The journey toward the Super Bowl is now well under way with the Pittsburgh Steelers back practicing at the UPMC Rooney Sports Complex, still informally referred to as the ‘South Side’ facility. With the regular season standing in their way on the path to a Lombardi, there will be questions for them to answer along the way.
We have asked and answered a lot of questions during the preseason and through training camp, but much of the answer-seeking ends in the regular season, and teams simply have to make do with what they have available to them. Still, there will always be questions for us.
You can rest assured that we have the questions, and we will be monitoring the developments in the regular season and beyond as they develop, looking for the answers as we evaluate the makeup of the Steelers on their way back to the Super Bowl, after reaching the AFC Championship game last season for the first time in more than half a decade.
Question: Would you have considered trading Martavis Bryant, and what would you have required in compensation?
I think the majority of Steelers fans who have followed the team long enough are aware that they are very rarely very active in some of the more ‘exciting’ moments of the roster-building process. They don’t make splashes in free agency, they don’t make trades.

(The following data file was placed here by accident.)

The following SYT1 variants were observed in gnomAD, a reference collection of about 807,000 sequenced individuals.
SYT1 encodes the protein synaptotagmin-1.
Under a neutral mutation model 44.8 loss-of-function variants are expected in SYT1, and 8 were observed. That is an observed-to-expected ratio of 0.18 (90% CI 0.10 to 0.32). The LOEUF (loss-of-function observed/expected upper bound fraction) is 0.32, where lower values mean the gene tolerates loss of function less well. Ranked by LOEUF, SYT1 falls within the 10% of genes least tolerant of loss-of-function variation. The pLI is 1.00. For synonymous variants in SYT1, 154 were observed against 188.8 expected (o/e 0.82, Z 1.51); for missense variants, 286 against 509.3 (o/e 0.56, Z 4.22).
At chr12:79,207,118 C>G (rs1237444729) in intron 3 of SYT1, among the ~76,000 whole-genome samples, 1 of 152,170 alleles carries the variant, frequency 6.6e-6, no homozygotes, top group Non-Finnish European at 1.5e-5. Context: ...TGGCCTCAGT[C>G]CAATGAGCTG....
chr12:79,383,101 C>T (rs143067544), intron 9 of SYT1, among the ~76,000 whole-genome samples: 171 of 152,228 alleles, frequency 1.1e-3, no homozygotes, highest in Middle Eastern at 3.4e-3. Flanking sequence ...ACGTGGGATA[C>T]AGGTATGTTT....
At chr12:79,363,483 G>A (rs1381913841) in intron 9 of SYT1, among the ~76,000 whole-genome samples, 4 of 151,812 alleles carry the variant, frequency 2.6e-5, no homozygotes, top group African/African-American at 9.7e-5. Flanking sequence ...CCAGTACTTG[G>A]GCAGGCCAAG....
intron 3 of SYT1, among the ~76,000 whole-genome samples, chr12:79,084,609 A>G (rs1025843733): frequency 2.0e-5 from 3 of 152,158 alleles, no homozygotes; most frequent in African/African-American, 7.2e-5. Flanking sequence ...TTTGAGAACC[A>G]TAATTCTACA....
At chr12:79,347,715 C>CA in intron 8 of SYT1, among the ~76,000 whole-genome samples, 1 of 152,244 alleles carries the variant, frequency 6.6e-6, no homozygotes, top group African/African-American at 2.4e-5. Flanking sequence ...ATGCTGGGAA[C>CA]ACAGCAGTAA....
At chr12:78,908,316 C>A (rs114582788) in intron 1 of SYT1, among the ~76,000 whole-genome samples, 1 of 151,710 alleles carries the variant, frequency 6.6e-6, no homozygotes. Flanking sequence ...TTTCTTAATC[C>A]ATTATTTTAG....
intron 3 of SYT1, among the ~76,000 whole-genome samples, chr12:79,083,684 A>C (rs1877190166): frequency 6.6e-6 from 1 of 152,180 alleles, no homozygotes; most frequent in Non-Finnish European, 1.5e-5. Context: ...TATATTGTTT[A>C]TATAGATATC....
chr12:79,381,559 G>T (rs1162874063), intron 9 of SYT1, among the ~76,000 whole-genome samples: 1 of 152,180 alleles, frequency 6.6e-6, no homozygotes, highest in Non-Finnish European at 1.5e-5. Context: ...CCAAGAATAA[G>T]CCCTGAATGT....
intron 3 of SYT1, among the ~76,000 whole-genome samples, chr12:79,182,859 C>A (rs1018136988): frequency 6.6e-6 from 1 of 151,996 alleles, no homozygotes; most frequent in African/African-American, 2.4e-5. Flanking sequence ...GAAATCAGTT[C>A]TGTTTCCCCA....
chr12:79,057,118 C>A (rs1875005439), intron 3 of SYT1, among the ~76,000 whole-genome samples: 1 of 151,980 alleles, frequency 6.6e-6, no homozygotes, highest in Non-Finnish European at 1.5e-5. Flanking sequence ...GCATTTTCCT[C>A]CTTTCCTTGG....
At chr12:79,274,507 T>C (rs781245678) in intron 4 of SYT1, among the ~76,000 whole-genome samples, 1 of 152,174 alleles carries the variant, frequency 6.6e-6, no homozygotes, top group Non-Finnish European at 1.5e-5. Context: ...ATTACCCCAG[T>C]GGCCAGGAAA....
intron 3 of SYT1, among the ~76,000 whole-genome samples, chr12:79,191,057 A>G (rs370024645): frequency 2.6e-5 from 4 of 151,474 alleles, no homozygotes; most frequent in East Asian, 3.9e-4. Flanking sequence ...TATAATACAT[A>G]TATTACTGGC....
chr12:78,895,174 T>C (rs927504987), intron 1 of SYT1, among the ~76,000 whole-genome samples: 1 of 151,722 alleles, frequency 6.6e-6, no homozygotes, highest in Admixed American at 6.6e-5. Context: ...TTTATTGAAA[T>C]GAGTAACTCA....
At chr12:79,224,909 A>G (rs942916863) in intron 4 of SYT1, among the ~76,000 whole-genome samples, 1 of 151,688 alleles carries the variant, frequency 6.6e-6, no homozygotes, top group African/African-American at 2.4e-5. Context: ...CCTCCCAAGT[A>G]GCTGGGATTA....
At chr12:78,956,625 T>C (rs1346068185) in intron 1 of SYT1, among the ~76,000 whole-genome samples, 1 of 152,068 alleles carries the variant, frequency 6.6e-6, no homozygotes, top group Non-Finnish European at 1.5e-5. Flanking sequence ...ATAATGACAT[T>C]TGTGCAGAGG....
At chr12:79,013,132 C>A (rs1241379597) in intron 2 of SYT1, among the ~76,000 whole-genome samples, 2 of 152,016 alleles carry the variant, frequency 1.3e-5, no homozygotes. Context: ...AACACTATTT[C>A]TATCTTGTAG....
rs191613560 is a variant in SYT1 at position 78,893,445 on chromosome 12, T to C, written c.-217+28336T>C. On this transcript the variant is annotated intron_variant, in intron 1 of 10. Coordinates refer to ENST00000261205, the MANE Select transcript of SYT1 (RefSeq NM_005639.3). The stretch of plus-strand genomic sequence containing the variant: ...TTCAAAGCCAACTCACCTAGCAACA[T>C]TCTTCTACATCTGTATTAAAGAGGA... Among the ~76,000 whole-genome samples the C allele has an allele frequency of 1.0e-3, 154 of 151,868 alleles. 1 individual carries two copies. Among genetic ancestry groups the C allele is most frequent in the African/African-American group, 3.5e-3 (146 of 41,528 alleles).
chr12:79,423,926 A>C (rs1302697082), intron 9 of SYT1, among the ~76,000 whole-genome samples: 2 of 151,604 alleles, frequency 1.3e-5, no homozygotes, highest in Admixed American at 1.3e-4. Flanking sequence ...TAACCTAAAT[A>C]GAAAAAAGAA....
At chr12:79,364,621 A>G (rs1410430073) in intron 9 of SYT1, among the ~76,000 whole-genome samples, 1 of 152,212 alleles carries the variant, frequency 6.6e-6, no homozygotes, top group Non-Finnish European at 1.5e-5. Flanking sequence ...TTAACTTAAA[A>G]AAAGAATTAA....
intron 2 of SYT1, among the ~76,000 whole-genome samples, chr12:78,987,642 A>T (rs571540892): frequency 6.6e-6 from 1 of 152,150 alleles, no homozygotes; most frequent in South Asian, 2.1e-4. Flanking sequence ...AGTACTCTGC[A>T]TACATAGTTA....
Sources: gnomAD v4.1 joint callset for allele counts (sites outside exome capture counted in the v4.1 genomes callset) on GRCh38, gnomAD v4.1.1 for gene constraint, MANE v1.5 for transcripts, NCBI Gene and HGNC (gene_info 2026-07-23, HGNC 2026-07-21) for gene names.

Of course, they did some of both this year, with the signing of Joe Haden, for example, even if it came all the way in August. And they made a number of trades—five, if I recall correctly—bringing in two players, trading two others away, and swapping player for player.
So if there was a year in which the Steelers would be tempted to make a move prior to yesterday’s trade deadline, there is a reasonable thought process suggesting that it would have been this year. And they even had a movable commodity in Martavis Bryant, who literally wanted to be traded.
Teams called, the Steelers didn’t oblige. Would you have? And what would the compensation have needed to be in order for you to pull the trigger on a trade for the talented but controversial wide receiver?
On the one hand, he has already proven to be a valuable player in the past. On the other, he hasn’t shown nearly as much so far this year. One also has to wonder if the offense is equipped to take advantage of his best attributes.
Acquiescing his desire for a trade could also set a dangerous precedent, which the Steelers are careful not to do. They just made Antonio Brown wait two years to negotiate a new contract, so they wouldn’t consider giving in to a player’s trade demand lightly.
It’s one thing to be willing to deal him, and another to get appropriate value. What that value is, I wouldn’t be surprised, deviates greatly from evaluator to evaluator. But I do know this: he can still help the Steelers win a Super Bowl in 2017. I don’t know if they will be in position to make a run in 2018.